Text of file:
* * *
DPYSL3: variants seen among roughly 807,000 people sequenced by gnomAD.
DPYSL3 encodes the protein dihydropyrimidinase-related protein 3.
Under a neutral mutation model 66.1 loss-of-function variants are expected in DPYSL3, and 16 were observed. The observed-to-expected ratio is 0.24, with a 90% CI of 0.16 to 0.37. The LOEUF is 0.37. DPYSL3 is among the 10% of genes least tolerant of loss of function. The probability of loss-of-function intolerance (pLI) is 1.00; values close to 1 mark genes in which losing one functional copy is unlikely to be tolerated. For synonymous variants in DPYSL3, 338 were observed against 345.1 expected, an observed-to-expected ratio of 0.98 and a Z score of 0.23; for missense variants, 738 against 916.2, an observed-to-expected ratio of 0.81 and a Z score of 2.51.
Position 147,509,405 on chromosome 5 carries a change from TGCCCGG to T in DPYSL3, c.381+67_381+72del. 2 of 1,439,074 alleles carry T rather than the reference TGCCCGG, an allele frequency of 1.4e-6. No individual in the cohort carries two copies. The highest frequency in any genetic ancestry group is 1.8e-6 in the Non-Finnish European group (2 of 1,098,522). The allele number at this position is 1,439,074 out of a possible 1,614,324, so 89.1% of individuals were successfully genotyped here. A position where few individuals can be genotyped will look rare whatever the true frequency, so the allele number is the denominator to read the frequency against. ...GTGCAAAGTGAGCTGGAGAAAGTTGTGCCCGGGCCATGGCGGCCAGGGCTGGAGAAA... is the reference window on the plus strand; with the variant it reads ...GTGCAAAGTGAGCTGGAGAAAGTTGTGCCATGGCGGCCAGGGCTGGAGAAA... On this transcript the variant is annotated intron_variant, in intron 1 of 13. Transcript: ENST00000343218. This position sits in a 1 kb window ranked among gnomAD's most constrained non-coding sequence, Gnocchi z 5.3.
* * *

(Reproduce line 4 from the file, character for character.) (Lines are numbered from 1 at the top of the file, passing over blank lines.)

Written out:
Position 147,509,405 on chromosome 5 carries a change from TGCCCGG to T in DPYSL3, c.381+67_381+72del. 2 of 1,439,074 alleles carry T rather than the reference TGCCCGG, an allele frequency of 1.4e-6. No individual in the cohort carries two copies. The highest frequency in any genetic ancestry group is 1.8e-6 in the Non-Finnish European group (2 of 1,098,522). The allele number at this position is 1,439,074 out of a possible 1,614,324, so 89.1% of individuals were successfully genotyped here. A position where few individuals can be genotyped will look rare whatever the true frequency, so the allele number is the denominator to read the frequency against. ...GTGCAAAGTGAGCTGGAGAAAGTTGTGCCCGGGCCATGGCGGCCAGGGCTGGAGAAA... is the reference window on the plus strand; with the variant it reads ...GTGCAAAGTGAGCTGGAGAAAGTTGTGCCATGGCGGCCAGGGCTGGAGAAA... On this transcript the variant is annotated intron_variant, in intron 1 of 13. Transcript: ENST00000343218. This position sits in a 1 kb window ranked among gnomAD's most constrained non-coding sequence, Gnocchi z 5.3.